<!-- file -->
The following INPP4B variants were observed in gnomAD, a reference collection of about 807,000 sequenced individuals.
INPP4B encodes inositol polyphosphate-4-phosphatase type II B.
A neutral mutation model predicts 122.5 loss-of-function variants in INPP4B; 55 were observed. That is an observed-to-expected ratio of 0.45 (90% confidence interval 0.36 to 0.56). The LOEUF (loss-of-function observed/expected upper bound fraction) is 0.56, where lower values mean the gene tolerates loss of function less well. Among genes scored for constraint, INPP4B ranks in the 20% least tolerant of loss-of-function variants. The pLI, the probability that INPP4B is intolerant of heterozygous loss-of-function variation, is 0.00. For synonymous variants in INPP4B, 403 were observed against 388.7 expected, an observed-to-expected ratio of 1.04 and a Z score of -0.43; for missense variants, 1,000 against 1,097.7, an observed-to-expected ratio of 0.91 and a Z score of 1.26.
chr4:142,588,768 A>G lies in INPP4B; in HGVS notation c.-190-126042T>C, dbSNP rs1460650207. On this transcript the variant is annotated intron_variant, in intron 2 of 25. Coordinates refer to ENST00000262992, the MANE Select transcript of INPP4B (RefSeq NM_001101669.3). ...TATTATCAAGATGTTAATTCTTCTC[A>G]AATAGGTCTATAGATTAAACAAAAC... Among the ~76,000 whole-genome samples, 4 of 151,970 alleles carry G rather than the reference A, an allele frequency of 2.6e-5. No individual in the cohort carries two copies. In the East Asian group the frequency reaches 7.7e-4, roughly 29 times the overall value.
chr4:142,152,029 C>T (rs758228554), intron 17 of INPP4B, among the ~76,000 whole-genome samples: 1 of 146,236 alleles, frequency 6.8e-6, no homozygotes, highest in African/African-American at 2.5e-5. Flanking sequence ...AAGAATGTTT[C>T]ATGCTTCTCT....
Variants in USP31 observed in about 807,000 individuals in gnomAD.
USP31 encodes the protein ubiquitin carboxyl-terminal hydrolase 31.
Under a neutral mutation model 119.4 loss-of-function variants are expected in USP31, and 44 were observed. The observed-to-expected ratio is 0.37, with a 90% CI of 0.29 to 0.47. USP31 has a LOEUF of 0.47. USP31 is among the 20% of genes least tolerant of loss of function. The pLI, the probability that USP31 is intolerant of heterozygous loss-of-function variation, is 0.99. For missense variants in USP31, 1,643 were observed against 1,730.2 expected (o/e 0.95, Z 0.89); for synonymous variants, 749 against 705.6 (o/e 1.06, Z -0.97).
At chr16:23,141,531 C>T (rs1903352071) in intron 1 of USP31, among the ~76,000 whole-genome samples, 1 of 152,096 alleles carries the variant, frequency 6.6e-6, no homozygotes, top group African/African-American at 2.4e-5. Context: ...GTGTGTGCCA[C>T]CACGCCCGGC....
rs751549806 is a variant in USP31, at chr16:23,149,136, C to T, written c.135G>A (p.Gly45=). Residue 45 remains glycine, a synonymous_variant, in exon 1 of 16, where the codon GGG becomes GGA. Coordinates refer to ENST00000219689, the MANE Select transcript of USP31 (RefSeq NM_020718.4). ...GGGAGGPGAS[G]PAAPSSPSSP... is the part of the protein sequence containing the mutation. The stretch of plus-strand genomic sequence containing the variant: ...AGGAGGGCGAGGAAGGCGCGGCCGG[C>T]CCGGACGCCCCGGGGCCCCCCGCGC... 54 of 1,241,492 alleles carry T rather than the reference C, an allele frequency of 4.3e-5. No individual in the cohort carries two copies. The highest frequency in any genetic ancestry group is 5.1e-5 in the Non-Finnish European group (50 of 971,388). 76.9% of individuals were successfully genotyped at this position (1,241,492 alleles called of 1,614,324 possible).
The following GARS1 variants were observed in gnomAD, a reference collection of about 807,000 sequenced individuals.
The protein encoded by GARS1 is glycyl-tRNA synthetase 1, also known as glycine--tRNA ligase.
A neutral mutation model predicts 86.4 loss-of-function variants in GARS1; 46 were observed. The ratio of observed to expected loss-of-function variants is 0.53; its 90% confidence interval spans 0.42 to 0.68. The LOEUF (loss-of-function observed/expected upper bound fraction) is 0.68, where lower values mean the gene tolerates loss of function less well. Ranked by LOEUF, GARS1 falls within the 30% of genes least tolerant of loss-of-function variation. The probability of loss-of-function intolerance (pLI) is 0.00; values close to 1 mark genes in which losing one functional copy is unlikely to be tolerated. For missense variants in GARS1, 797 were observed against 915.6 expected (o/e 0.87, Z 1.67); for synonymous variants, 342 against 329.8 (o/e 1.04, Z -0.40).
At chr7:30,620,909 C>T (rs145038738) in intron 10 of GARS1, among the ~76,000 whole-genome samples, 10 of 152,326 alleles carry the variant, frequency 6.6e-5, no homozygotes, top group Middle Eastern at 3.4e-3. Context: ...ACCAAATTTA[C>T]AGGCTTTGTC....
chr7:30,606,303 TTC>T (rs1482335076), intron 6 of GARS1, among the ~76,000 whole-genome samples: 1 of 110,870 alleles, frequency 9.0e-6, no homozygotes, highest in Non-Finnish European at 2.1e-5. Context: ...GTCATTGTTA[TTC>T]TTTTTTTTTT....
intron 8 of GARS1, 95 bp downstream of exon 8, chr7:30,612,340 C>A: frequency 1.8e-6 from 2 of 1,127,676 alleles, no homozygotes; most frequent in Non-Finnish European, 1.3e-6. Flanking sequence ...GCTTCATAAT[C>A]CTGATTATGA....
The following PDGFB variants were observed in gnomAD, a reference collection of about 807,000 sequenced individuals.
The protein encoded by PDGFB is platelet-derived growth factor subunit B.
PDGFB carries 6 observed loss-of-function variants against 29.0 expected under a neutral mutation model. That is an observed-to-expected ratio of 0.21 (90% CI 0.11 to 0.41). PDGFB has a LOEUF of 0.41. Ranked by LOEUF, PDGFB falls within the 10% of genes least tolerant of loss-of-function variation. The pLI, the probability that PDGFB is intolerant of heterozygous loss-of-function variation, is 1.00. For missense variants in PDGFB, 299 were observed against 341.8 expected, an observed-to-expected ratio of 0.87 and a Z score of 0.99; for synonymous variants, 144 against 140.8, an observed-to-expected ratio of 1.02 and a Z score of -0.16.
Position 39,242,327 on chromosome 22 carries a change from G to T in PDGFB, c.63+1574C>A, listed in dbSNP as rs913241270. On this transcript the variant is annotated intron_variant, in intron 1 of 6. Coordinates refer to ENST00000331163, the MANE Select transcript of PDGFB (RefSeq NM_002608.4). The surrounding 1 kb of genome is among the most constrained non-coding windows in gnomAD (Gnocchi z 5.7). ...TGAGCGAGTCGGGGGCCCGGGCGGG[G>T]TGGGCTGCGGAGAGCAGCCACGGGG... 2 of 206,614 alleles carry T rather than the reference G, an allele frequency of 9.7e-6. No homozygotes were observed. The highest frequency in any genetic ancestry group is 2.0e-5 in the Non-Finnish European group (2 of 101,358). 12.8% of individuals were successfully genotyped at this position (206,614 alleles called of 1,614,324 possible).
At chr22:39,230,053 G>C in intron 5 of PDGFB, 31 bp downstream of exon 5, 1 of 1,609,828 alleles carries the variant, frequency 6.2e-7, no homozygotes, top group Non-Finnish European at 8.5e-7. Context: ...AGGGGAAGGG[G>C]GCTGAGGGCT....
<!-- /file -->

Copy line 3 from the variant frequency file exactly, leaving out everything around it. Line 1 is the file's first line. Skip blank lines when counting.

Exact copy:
A neutral mutation model predicts 122.5 loss-of-function variants in INPP4B; 55 were observed. That is an observed-to-expected ratio of 0.45 (90% confidence interval 0.36 to 0.56). The LOEUF (loss-of-function observed/expected upper bound fraction) is 0.56, where lower values mean the gene tolerates loss of function less well. Among genes scored for constraint, INPP4B ranks in the 20% least tolerant of loss-of-function variants. The pLI, the probability that INPP4B is intolerant of heterozygous loss-of-function variation, is 0.00. For synonymous variants in INPP4B, 403 were observed against 388.7 expected, an observed-to-expected ratio of 1.04 and a Z score of -0.43; for missense variants, 1,000 against 1,097.7, an observed-to-expected ratio of 0.91 and a Z score of 1.26.